Dr Marlies Hankel specialises in computational molecular science of materials and membranes for battery, hydrogen storage and sensing applications and high performance computing

​Dr Marlies Hankel is a computational scientist who's main research interest is in two dimensional (2D) materials for energy applications. These include lithium ion battery anode materials, supercapacitors and hydrogen storage. She is also interested in their application in sensing and capture. In her capacity as a eResearch analyst she also manages the AIBN high performance computer cluster, UQ's and QCIF's share of computer time on the national facilities (NCI) and access to UQ's FlashLite data and memory intensive cluster. She helps research groups from UQ and QCIF members to gain access to computational resources and use them efficiently.

​Dr Marlies Hankel is currently a Research Fellow in the Theory and Computation group and a member of the CTCMS. She obtained her Master degree in Mathematics from the University of Darmstadt (Germany). She then moved to Bristol (UK) and also changed her main subject to obtain her PhD in Chemistry which she achieved in 3 years. She was awarded a University of Bristol Scholarship. After a 2 year postdoc in Manchester (UK) she moved to UQ. At UQ she established an international profile as an expert in methodologies for atom-diatom reactions. In 2008 she obtained an UQ Early Career grant. In 2011 she started her position with QCIF and RCC and her work to promote computational resources to researcher and make computational resources more accessible. Her more recent work on lithium ion battery materials resulted in the award of a UQ Promoting Women Fellowship in 2014. She is now an expert and independent researcher in 2D materials for energy applications.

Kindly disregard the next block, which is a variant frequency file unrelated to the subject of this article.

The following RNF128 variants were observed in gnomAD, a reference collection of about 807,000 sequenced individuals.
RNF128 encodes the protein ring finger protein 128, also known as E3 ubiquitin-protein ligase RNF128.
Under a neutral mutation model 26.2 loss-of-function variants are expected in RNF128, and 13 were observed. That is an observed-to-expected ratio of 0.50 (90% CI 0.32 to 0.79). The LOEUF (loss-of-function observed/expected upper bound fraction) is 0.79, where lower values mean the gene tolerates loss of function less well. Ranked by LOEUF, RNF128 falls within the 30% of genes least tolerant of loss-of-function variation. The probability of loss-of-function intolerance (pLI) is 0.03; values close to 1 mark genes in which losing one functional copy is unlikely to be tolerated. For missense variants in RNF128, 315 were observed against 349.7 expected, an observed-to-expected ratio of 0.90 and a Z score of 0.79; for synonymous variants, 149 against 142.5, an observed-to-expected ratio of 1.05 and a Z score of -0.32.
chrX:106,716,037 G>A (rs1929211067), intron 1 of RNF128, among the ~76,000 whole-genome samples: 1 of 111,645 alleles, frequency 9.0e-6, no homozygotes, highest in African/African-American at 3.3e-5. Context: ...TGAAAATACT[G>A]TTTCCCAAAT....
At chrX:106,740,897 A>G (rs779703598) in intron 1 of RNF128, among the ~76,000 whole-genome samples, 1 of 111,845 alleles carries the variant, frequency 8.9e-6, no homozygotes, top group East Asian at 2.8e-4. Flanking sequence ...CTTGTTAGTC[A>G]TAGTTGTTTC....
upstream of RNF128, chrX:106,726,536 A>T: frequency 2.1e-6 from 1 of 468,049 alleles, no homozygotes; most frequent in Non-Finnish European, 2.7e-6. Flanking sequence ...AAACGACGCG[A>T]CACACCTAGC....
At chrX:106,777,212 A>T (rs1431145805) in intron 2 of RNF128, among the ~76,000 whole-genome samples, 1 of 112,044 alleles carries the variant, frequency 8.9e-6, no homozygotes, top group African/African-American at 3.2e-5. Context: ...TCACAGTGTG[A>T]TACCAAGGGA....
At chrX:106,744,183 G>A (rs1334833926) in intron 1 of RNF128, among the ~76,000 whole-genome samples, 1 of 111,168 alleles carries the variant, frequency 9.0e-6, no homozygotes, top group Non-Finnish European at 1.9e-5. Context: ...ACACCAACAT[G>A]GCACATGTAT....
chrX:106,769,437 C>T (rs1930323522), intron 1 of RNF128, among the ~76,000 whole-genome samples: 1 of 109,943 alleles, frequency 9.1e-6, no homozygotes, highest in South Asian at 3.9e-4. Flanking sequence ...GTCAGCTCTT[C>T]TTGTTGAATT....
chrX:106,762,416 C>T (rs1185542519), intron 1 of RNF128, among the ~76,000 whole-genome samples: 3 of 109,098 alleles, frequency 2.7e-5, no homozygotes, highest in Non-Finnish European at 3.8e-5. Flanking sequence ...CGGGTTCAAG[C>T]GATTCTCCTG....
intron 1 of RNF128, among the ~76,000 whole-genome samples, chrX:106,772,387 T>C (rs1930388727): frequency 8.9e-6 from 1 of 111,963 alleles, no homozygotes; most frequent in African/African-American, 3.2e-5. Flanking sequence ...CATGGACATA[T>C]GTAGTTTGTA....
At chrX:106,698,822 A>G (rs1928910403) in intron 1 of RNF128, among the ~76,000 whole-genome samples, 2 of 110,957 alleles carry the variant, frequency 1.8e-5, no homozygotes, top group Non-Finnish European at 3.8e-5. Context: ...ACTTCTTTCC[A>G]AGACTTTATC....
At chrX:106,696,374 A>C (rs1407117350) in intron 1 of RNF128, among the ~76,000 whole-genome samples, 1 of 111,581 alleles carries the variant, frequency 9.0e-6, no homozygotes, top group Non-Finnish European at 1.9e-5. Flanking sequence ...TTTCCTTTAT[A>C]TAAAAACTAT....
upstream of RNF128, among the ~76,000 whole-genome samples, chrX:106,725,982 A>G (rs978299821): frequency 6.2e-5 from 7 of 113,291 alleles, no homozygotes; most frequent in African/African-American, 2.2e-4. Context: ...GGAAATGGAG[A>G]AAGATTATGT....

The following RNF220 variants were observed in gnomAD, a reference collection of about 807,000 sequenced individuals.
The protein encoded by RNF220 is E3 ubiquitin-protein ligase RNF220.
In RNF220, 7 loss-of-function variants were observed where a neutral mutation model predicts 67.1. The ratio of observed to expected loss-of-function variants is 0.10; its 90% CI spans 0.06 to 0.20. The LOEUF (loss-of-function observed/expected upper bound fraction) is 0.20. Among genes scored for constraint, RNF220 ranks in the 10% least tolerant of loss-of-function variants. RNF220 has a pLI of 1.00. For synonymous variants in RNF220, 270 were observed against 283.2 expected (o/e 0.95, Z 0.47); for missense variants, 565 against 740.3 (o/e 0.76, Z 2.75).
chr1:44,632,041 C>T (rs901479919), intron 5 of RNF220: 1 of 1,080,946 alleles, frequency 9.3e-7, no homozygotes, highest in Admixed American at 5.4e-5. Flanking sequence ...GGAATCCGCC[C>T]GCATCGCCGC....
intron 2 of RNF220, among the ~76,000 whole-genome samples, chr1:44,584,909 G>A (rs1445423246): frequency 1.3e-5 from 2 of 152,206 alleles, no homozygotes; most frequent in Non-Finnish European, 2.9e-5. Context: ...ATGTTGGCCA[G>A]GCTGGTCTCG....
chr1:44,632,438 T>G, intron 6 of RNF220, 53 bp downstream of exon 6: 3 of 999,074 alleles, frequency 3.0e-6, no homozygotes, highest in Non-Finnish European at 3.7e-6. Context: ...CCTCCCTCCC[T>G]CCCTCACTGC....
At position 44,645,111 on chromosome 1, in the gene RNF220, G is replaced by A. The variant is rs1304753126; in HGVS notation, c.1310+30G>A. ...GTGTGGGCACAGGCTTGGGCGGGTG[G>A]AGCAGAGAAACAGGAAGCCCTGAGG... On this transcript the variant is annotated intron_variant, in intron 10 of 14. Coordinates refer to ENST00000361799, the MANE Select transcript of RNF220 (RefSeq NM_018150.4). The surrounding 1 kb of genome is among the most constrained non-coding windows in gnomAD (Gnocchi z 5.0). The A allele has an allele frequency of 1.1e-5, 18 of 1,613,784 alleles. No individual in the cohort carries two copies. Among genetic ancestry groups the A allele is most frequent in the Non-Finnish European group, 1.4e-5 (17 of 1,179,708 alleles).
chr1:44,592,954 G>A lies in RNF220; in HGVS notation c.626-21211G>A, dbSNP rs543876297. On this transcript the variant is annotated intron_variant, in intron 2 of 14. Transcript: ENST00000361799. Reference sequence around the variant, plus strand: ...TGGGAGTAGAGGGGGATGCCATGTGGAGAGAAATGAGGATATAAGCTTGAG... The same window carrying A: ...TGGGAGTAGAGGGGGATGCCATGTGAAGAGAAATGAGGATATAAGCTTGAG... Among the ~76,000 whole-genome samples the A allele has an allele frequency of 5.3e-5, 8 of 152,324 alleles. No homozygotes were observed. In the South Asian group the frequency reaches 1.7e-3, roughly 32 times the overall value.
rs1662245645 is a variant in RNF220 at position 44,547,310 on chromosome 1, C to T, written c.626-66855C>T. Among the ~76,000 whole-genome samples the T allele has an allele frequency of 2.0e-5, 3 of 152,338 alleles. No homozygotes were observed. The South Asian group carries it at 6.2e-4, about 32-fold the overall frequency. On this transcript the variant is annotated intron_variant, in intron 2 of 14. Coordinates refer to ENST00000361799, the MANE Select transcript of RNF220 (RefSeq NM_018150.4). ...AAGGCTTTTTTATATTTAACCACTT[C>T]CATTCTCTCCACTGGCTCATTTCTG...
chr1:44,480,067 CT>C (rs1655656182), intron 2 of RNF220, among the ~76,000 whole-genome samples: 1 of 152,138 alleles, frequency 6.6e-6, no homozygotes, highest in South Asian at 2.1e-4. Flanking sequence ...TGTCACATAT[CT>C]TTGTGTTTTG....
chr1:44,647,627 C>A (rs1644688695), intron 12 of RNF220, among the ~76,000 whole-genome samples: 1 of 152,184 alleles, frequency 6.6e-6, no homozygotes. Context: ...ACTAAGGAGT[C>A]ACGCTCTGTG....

​Dr Marlies Hankel has a strong collaboration with Prof Lianzhou Wang's group at UQ on lithium ion battery cathode materials. She also collaborates with the group of Dr Jennifer MacLeod and Dr Josh Lipton-Duffin at QUT on 2D polymer membranes and their application as anode and supercapacitor materials.

Key Publications

​M. Hankel, D. J. Searles: Lithium storage on carbon nitride, graphenylene and inorganic graphenylene, Phys. Chem. Chem. Phys. 18, 14205 (2016)

Y. Jiao, A. Du, M. Hankel, S. C. Smith: Modelling carbon membranes for gas and isotope separation, Phys. Chem. Chem. Phys. 15 4832 (2013)

M. Hankel, Y. Jiao, A. Du, S. K. Gray, S. C. Smith: Asymmetrically decorated, doped porous graphene as an effective membrane for hydrogen isotope separation, J. Phys. Chem. C 116, 6672 (2012)

Y. Jiao, A. Du, M. Hankel, Z. Zhu, V. Rudolph, S. C. Smith: Graphdiyne: a versatile nanomaterial for electronics and hydrogen purification, Chem. Commun. 47, 11843 (2011)

M. Hankel, S. C. Smith, R. J. Allan, S. K. Gray, G. G. Balint-Kurti: State-to-state reactive differential cross sections for the H + H2→ H2 + H reaction on five different potential energy surfaces employing a new quantum wavepacket computer code: DIFFREALWAVE, J. Chem. Phys. 125, 164303 (2006)

Full list of publications available at UQ eSpace


Dr Marlies Hankel has recieved National Computational Merit Allocation Scheme (NCMAS) grants and QCIF National Computational Infrastructure grants (computational time) continuously since 2006. She was a CI on two UQ Major Equipment and Infrastructure grants (2009 and 2014) and an ARC-LIEF grant in 2007. She is also a CI on an ARC-DP grant with funding commencing in 2017.